Artificial Intelligence Publishing

Picture Perfect: New AI Tool to Help Publishers Find the Right Pictures, from Getty Images

Getty Images has launched a new artificial intelligence-powered research assistant, to help publishers find the best choice of images to accompany a news story.

Panels by Getty Images— an artificial intelligence (AI) tool developed in partnership with cloud-based image optimization platform Vizual.AI—uses customisable filters and a self-improving algorithm that enables a new search experience, designed to help media customers find the content they need fast.

It “reads” a news article to source the best visual content for it, and also learns how an editor selects relevant pictures, enabling it to better optimize the results over time.

To develop Panels, Getty Images and Vizual.AI spent 6 months working with a group of 20 of the largest newsrooms. They developed a set of algorithms that can ascertain the meaning and relevancy of text, based on parameters such as word frequency, recency, or whether they are known people or places. This is then matched with caption data from Getty’s repository of more than 100 million photos to bring up the an array of image options.

In today’s digital world, publishers are under constant pressure to tell the latest story and compete for consumer attention,” said Andrew Hamilton, Getty Images Senior Vice President of Data and Insights. “At the same time, we know how important compelling imagery is to creating online engagement. Panels by Getty Images meets both of these challenges for our customers using the power of artificial intelligence.”

Panels by Getty Images­ draws on Getty Images’ extensive creative and editorial content, and by using the power of AI to automate steps in their research workflow, publishers can create stories more quickly, with matching visual content that can better drive user engagement.

“We know how important quality content is to publishers and we are excited to launch this new AI tool that allows media publishers to discover stunning visual content with the immediacy that the current landscape requires,” said Doug Boccia, CEO of Vizual.AI.

Here’s how Panels by Getty Images­ works:

As reported by the Huffington Post, only 20% of the global online audience retains what is written in an article, while the percentage shoots up to 80% with the incorporation of visual content.

“Publishers need ad revenue, and ad revenue is driven by the eyeballs,” said Andrew Hamilton. “From our perspective, the best way to drive those eyeballs is through compelling imagery, telling really good stories and getting user engagement.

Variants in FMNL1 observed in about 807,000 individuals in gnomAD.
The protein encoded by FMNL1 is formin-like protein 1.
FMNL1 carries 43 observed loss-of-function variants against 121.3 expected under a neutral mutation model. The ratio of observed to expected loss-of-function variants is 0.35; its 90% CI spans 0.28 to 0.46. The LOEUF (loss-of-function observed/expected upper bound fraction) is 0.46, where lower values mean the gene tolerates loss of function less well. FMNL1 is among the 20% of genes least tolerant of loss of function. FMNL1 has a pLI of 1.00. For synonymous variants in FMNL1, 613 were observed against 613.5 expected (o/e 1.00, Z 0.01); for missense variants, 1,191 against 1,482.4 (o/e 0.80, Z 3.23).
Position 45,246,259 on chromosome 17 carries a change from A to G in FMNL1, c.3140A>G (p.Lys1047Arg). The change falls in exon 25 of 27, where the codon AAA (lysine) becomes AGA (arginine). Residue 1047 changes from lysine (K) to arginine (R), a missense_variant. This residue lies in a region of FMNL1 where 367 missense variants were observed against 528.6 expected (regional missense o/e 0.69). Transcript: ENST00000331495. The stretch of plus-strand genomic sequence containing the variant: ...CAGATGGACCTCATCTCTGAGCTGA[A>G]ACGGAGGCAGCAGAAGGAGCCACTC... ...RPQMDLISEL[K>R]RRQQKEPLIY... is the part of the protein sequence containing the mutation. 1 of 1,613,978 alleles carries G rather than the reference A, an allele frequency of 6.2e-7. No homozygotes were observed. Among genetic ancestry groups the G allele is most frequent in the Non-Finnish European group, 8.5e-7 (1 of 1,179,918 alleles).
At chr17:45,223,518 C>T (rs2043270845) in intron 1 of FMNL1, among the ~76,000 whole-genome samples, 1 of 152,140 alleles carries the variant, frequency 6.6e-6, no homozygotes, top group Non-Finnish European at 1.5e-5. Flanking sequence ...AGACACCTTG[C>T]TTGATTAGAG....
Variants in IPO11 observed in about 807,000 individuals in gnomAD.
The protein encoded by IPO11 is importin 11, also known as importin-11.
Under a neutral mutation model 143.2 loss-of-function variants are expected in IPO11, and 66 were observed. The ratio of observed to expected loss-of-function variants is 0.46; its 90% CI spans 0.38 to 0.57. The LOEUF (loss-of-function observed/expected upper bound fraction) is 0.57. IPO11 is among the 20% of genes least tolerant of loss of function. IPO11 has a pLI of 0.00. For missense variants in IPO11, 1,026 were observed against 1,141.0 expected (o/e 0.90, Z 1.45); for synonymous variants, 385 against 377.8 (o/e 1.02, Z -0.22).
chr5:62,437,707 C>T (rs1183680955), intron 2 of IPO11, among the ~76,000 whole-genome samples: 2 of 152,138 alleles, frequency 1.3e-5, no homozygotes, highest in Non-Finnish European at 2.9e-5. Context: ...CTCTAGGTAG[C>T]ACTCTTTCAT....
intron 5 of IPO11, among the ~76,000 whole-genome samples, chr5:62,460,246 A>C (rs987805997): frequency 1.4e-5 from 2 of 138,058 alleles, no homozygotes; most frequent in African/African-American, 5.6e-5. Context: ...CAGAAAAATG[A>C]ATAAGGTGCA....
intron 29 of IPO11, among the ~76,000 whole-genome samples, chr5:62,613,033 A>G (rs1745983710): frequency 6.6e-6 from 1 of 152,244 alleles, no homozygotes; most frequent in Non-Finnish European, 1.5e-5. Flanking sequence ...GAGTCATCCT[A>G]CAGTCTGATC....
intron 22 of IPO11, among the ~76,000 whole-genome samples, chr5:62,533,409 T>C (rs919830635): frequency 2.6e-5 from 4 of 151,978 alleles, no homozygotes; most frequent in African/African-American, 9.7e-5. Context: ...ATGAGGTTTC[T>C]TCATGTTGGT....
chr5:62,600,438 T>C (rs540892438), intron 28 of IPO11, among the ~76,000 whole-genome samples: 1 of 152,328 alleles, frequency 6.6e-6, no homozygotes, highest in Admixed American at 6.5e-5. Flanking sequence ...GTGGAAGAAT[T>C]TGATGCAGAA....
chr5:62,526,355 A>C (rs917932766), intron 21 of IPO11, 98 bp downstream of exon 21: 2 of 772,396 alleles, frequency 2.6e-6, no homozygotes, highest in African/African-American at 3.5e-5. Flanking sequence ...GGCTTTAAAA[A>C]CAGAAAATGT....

And we’re leaving the editor to tell that story. We’re by no means picking the best image or saying, ‘this is the image you have to use.’”

According to Getty Images, as the world continues to embrace the power of imagery as a communication tool, as a world leader in visual communications, they are focused on employing emerging technology that makes it easier for content creators to find the visuals they need.

For example, earlier this year, Getty Images partnered with Cortex, an artificial intelligence platform for creatives that recommends the best Getty Images content for social media campaigns.

Additionally, Hamilton’s team is working to develop new AI models that can be delivered through Getty Images’ API and built into its products, including visual styles and authenticity scoring.

“It makes absolute sense to combine developing AI technology to save time and present editors with a curated set of picture options,” said Doug Wills, ESI Media Managing Editor.

With more than 300 million multimedia assets in their database, Getty Images is among the global leaders in online visual communication. Given their massive worldwide reach, Panels by Getty Images­ might go a long way in driving adoption of this new technology, simplifying the process of automated image search.

This is a promising new tool, and if it can deliver on boosting speed, efficiency and relevancy in high-pressure conditions like in the newsroom, it could very well change the way image-searching is perceived in the news world.

There is a caveat, though…

“When you think about a creative process of selecting an image to match the story, it’s a much harder problem to try to solve with computers,” concludes Hamilton. “So even with this tool, it’s the human picture editor that has the last word. It’s not something technology can do a good enough job on.”

For more information on AI- powered image search, visit Panels by Getty Images­ here.



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